Wiehl said going to the voters can be risky but there is something they must ask themselves.
"The question you have to look at is what makes a city a home that you love," he said. "To many that could be hiking outside...you have to have the full cultural experience to live in a city. It has to be livable to everybody."
Locally, as recently as 2009, the East Muskingum Civic Association went in with the Oak Grove Recreation Committee to pitch the idea of a recreation levy to the Muskingum Township trustees. The 0.75-mill levy would have generated $65,000 a year for five years.
Jennifer Schenkel, treasurer for the EMCA, said a rec levy would have helped with upkeep of facilities in Devola.
"It is really important," she said. "Devola is basically a walking and bike path anyway."
She said a lot of work went into getting information about the levy out to the public.
"We made brochures, we actually went door to door and passed them out," Schenkel said.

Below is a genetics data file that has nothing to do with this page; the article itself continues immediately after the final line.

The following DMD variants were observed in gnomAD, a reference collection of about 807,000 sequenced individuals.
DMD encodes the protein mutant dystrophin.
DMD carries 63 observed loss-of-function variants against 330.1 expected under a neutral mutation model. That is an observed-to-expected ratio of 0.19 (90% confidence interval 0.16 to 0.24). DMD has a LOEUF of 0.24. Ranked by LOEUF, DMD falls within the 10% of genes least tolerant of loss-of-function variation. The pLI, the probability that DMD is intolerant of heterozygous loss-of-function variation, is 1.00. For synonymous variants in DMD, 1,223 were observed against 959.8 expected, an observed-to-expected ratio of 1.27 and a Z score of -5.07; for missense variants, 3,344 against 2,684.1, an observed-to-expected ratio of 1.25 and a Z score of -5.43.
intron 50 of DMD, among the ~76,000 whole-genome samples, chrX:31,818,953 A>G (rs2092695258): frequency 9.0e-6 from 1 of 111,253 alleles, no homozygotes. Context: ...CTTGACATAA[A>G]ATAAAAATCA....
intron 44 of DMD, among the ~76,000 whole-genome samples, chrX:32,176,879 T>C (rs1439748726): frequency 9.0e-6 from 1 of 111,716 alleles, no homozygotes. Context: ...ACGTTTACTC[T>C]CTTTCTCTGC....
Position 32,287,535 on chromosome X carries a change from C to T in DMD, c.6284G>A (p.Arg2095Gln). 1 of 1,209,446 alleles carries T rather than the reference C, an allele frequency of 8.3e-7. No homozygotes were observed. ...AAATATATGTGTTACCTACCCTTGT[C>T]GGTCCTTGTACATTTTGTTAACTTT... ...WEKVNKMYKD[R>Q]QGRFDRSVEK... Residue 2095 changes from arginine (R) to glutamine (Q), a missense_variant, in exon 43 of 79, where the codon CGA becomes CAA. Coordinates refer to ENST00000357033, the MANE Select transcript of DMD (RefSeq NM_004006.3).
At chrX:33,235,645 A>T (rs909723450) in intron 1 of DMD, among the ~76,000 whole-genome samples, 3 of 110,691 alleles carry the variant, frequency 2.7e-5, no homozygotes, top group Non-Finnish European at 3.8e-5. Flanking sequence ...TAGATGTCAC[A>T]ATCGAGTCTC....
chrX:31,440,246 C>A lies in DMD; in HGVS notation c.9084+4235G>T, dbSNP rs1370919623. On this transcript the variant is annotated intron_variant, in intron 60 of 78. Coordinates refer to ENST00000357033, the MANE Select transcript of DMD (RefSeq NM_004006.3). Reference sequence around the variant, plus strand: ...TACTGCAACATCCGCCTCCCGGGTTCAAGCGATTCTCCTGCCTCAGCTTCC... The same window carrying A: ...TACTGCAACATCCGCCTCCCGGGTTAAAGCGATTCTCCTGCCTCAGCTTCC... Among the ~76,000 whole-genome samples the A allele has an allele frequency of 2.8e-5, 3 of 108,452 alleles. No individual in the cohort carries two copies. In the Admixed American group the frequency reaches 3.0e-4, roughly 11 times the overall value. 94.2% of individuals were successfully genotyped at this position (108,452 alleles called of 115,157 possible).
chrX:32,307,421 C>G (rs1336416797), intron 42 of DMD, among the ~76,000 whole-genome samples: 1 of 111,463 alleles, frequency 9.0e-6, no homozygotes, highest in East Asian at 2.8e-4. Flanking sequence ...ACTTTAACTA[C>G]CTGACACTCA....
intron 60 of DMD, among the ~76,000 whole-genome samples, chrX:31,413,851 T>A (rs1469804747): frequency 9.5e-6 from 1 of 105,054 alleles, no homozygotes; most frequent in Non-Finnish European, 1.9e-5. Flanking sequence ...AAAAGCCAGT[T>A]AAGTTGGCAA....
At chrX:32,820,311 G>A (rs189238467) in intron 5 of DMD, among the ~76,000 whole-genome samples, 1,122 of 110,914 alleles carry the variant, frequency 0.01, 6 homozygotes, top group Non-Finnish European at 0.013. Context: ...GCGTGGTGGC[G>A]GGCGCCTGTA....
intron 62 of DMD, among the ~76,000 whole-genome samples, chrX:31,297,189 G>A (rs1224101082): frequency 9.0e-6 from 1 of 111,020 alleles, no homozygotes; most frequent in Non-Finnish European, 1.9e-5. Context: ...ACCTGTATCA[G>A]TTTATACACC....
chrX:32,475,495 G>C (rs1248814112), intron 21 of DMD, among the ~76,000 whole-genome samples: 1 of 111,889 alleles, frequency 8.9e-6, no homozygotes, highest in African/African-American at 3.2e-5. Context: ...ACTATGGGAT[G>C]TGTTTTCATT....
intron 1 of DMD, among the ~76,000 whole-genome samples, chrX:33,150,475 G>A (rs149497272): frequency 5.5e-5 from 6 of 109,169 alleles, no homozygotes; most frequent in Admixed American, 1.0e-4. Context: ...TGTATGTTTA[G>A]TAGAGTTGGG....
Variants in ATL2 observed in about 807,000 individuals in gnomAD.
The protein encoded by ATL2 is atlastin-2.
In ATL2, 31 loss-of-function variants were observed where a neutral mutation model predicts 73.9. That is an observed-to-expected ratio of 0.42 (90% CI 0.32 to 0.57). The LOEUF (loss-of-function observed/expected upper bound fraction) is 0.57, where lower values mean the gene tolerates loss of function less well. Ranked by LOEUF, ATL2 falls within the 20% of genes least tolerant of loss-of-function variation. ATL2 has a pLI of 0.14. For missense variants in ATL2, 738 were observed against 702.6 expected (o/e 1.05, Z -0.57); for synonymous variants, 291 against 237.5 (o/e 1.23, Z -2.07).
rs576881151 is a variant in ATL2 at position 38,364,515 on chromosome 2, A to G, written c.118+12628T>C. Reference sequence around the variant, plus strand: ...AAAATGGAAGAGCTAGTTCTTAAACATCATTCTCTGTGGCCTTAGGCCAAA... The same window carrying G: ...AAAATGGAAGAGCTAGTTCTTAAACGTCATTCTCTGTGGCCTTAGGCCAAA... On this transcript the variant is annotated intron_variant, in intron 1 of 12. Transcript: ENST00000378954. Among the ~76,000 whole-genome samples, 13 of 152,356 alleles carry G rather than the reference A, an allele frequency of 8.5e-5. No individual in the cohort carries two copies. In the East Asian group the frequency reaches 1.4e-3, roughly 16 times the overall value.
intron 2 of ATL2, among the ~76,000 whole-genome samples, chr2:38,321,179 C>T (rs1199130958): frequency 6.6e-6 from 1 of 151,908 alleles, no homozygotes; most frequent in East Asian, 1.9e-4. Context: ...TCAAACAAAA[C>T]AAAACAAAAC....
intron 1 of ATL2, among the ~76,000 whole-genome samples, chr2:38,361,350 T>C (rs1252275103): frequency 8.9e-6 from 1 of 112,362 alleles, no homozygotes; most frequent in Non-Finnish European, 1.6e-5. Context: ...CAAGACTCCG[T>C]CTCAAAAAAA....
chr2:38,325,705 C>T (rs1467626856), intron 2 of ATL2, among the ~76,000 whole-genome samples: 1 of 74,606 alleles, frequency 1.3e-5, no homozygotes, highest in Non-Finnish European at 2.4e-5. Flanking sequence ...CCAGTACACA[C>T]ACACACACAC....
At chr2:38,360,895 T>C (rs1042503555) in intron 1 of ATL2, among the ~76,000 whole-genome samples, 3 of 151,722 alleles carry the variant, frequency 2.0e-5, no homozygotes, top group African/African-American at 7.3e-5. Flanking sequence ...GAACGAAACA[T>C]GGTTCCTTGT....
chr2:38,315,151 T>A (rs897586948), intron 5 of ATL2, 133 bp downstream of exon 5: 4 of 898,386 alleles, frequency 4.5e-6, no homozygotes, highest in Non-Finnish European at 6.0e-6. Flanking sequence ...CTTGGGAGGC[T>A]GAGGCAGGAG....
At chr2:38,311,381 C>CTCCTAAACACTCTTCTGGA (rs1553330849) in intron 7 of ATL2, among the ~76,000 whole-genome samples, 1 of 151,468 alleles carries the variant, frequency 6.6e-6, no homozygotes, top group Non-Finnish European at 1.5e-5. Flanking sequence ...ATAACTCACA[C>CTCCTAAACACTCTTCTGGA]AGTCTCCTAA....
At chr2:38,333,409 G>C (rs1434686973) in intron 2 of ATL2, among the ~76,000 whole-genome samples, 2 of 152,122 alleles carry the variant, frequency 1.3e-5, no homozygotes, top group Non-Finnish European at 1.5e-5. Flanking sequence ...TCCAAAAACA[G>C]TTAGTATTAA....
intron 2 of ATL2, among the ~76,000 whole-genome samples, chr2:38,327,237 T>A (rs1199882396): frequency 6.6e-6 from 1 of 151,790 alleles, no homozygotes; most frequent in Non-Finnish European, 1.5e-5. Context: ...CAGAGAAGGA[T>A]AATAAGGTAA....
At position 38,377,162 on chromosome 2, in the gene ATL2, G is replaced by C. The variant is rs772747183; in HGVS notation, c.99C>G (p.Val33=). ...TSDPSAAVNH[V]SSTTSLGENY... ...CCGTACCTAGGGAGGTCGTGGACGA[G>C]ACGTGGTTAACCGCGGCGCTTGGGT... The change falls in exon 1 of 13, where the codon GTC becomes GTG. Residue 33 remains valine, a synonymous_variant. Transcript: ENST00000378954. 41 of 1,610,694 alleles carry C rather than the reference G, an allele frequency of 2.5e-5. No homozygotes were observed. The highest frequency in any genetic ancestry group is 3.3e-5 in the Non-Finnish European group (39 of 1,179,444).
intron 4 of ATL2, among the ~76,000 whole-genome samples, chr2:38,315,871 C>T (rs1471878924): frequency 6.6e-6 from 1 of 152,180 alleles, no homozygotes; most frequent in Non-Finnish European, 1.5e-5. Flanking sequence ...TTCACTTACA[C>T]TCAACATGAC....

Schenkel said recreation is important, and not only for the Devola area.
"I'm an advocate of all that kind of stuff," she said. "The first time, we lost by 14 votes and that where it's a lot of disappointment. It makes me think people do want it, but (everybody's asking for money). It comes down to cost."
Ironton is another city that has a recreation levy in place. Mayor Rich Blankenship said the rec levy has been on for many years, probably dating back to the mid-1970s, and passed again as recently as last year.
"Without (the levy) we wouldn't have city parks for the community to enjoy," he said. "I really think that having little parks is vital and beneficial to every community. Not everybody has a swing set to play with in the backyard."
Blankenship said the levy is put on property taxes and is a 0.5-mill, five-year levy. On average a homeowner with a house valued at $100,000 pays an extra $50 a year.
He said the successes of the levies could be in part to educating them what the money will be used for.
"Anytime you go to the taxpayers, I think it's crucial to education the community as to the need for (a levy)," he said. "Our recreation levy is very small but produces a large amount of enjoyment."
Blankenship said not only does the levy cover routine maintenance, it allows for new park equipment, to ensure everything is compliant with the Americans with Disabilities Act.